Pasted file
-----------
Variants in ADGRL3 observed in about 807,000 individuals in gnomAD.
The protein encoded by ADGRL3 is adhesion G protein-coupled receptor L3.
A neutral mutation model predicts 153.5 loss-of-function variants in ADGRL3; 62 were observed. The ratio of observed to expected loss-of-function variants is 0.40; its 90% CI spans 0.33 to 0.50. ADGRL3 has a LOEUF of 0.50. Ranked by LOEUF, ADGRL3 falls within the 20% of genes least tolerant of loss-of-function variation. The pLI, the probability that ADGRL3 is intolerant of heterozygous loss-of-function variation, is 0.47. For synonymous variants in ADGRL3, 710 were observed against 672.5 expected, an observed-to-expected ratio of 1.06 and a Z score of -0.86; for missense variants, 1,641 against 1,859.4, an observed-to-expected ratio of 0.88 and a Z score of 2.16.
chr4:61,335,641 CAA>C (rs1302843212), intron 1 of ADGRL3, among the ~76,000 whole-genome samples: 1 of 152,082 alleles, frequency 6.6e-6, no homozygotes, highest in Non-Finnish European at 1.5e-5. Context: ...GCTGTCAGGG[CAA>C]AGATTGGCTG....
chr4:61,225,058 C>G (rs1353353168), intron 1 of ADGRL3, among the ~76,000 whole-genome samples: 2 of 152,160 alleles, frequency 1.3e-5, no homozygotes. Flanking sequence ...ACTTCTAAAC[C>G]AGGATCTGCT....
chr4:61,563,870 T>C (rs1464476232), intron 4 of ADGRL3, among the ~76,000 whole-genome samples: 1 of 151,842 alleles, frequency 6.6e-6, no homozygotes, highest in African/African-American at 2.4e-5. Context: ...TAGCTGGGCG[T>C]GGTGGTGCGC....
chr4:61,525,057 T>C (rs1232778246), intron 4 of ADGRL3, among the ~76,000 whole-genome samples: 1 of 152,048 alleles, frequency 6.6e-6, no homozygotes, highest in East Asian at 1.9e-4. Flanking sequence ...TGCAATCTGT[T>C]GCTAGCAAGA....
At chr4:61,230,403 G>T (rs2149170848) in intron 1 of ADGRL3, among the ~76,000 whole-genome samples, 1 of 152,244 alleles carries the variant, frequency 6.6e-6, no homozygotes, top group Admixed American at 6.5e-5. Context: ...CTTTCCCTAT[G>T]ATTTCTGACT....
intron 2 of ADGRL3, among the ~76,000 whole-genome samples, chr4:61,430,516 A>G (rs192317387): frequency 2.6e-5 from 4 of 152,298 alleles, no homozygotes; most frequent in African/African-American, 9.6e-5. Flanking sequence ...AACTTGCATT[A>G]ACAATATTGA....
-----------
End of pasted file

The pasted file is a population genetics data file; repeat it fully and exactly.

Variants in ADGRL3 observed in about 807,000 individuals in gnomAD.
The protein encoded by ADGRL3 is adhesion G protein-coupled receptor L3.
A neutral mutation model predicts 153.5 loss-of-function variants in ADGRL3; 62 were observed. The ratio of observed to expected loss-of-function variants is 0.40; its 90% CI spans 0.33 to 0.50. ADGRL3 has a LOEUF of 0.50. Ranked by LOEUF, ADGRL3 falls within the 20% of genes least tolerant of loss-of-function variation. The pLI, the probability that ADGRL3 is intolerant of heterozygous loss-of-function variation, is 0.47. For synonymous variants in ADGRL3, 710 were observed against 672.5 expected, an observed-to-expected ratio of 1.06 and a Z score of -0.86; for missense variants, 1,641 against 1,859.4, an observed-to-expected ratio of 0.88 and a Z score of 2.16.
chr4:61,335,641 CAA>C (rs1302843212), intron 1 of ADGRL3, among the ~76,000 whole-genome samples: 1 of 152,082 alleles, frequency 6.6e-6, no homozygotes, highest in Non-Finnish European at 1.5e-5. Context: ...GCTGTCAGGG[CAA>C]AGATTGGCTG....
chr4:61,225,058 C>G (rs1353353168), intron 1 of ADGRL3, among the ~76,000 whole-genome samples: 2 of 152,160 alleles, frequency 1.3e-5, no homozygotes. Flanking sequence ...ACTTCTAAAC[C>G]AGGATCTGCT....
chr4:61,563,870 T>C (rs1464476232), intron 4 of ADGRL3, among the ~76,000 whole-genome samples: 1 of 151,842 alleles, frequency 6.6e-6, no homozygotes, highest in African/African-American at 2.4e-5. Context: ...TAGCTGGGCG[T>C]GGTGGTGCGC....
chr4:61,525,057 T>C (rs1232778246), intron 4 of ADGRL3, among the ~76,000 whole-genome samples: 1 of 152,048 alleles, frequency 6.6e-6, no homozygotes, highest in East Asian at 1.9e-4. Flanking sequence ...TGCAATCTGT[T>C]GCTAGCAAGA....
At chr4:61,230,403 G>T (rs2149170848) in intron 1 of ADGRL3, among the ~76,000 whole-genome samples, 1 of 152,244 alleles carries the variant, frequency 6.6e-6, no homozygotes, top group Admixed American at 6.5e-5. Context: ...CTTTCCCTAT[G>T]ATTTCTGACT....
intron 2 of ADGRL3, among the ~76,000 whole-genome samples, chr4:61,430,516 A>G (rs192317387): frequency 2.6e-5 from 4 of 152,298 alleles, no homozygotes; most frequent in African/African-American, 9.6e-5. Flanking sequence ...AACTTGCATT[A>G]ACAATATTGA....